I'm sure at this point most of you have seen or heard of the Hyper 21 from Cooler Master. This was one of the few, at the time, to offer a gap in the middle of the fin sets. I was able to test that cooler myself, but it was prior to my time with TweakTown, but I still remember what the 212 had to offer. To me the Hyper 212 was a good design, and very efficient for the lack of total surface area with all the missing middle bits of the fins. Yet this cooler has what it takes to keep temperatures at bay.
Rethinking a few things after the original Hyper 212 was released, Cooler Master saw the need to take the 212 back to the drawing board and see what they could do to offer a better solution. Not only is the actual cooler a bit different this time around, but they went with another style of fan. They also got together with the engineers to develop an all new mounting hardware, which are welcomed changes in my eyes.
I cannot make a direct comparison of temperatures however, as my testing method at that time was very different from the T.E.C.C. solution Chris created and what we use here today. I will however point out all the differences from the original design to the Hyper 212 Plus.
From what I remember of the Hyper 212 it was a descent cooler. A revision can only make things better, so let's get into the tests and see just how well Cooler Master did with the Hyper 212 Plus.
Specifications, Availability and Pricing
As I mentioned, Cooler Master did a bit of redesigning and incorporated some new ideas along the way. The base stays the same, with its four 6mm heap-pipes that are exposed to the CPU, that are held in place with an aluminum top. This time as the pipes travel up and out of the base, they are surrounded by 57, one piece fins, versus the two separated towers of the original. Dimensionally, the Hyper 212 is very similar to most other tower coolers in size and weighs in at 626 grams.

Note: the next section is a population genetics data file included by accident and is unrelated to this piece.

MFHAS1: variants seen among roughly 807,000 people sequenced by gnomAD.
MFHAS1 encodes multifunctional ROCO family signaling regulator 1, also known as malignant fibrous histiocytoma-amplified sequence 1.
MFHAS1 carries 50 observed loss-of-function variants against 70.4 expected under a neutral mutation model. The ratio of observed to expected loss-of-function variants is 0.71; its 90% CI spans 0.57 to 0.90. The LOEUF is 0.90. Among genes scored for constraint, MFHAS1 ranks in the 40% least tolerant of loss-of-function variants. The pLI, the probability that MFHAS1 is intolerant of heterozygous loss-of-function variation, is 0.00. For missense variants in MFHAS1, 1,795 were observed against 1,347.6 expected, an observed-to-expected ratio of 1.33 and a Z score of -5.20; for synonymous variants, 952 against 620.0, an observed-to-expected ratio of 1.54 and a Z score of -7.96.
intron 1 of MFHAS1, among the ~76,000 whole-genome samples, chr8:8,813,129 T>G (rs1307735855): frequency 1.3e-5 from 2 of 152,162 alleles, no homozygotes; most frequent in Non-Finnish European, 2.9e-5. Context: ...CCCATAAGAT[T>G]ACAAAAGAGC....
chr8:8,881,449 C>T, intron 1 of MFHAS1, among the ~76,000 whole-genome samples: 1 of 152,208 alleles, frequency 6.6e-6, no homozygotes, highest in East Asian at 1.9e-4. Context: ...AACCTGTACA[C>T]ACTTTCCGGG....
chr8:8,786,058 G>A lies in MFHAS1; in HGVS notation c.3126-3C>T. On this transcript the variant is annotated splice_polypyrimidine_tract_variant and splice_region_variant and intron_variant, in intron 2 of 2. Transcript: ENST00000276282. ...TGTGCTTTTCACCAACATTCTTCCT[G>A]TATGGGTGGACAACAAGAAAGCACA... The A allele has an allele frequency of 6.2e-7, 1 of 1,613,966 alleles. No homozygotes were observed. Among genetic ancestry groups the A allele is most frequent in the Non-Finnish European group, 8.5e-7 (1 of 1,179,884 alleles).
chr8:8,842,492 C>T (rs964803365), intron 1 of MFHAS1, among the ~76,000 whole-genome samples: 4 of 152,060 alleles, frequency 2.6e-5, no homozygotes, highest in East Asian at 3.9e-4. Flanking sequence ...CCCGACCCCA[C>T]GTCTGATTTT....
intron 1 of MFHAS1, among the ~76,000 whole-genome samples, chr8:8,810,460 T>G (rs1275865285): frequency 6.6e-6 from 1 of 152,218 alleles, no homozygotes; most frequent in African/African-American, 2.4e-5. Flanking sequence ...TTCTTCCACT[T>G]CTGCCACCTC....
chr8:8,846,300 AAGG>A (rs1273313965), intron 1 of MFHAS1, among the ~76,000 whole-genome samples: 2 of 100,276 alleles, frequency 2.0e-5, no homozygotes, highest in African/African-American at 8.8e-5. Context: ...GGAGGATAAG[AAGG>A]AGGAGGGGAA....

The 212 Plus also gets a new fan. Originally they used a translucent, black, nine bladed fan that puts out a maximum of 69.69 CFM. This time around Cooler Master accompanies this 212 with a black, seven bladed, 76.8 CFM variant. Both of these changes should add to the cooling efficiency, but let's wait for the testing numbers to provide us those answers.
Finding the Cooler Master Hyper 212 Plus is easy. Doing a bit of Google shopping shows most of the major e-tailers listing stock of this cooler. Looking around I wasn't able to find it at Newegg, but as I said, there are plenty of shops that do have stock. Most shops are asking in the 25-30 USD dollar range, of course plus shipping. Even so, the Cooler Master Hyper 212 Plus isn't hitting the wallet too hard at around $35-40 to get one to your door.
Just like the original, the new Hyper 212 Plus is boxed in the bright pink on white packaging. As usual there is a great image on the front of the cooler you are purchasing. One of the last new things Cooler Master incorporates in the 212 Plus is in the compatibility shown at the bottom.
The pink on white continues around the right side. Cooler Master uses most of this panel to display a thorough specifications list.
Spinning the package around to the rear you can see drawings with full dimensions, as well as a few product images displaying some of the features. At the very bottom they list four key features in text that coincide with the photos.
This side of the package is where Cooler Master says that it is a CPU cooler and to visit their site for more info in eighteen different languages.
Once you open the flap at the top of the box, this plastic tray can be slid out. Cooler Master uses this to support the cooler in the center of the package, even taking the extra step to put foam between the fan and the fins to keep one from crushing the other during shipping. This inner tray also provides a well for the hardware to be shipped in, excluding the back-plate which is shipped outside the tray.
Cooler Master Hyper 212 Plus CPU Cooler
In similarity to the original, Cooler Master keeps the same base design with a slight change up on top. This hole and pin are part of the new mounting hardware I will show in a bit. The 212 Plus also keep the offset layout of the pipes as they travel through the fins. The major difference is the fin design itself. This time around, all the fins are one piece, adding plenty of added surface area to aid in more efficient cooling.
The aluminum fins are pressed on over the four, 6mm diameter heat-pipes. These fins are open on the ends and have two grooves cut into the ends to allow for two sets of the wire fan mounts so you may utilize a push-pull cooling method if desired.
Laying the Hyper 212 Plus on its side you can see the fins are stamped with the Cooler Master logo in the center. Also in the stamping there is a hint of the two separated towers of the past. The fins are also cut taller on the sides and shorter in the middle to keep the correct spacing of the fan before the flow enters over the fins.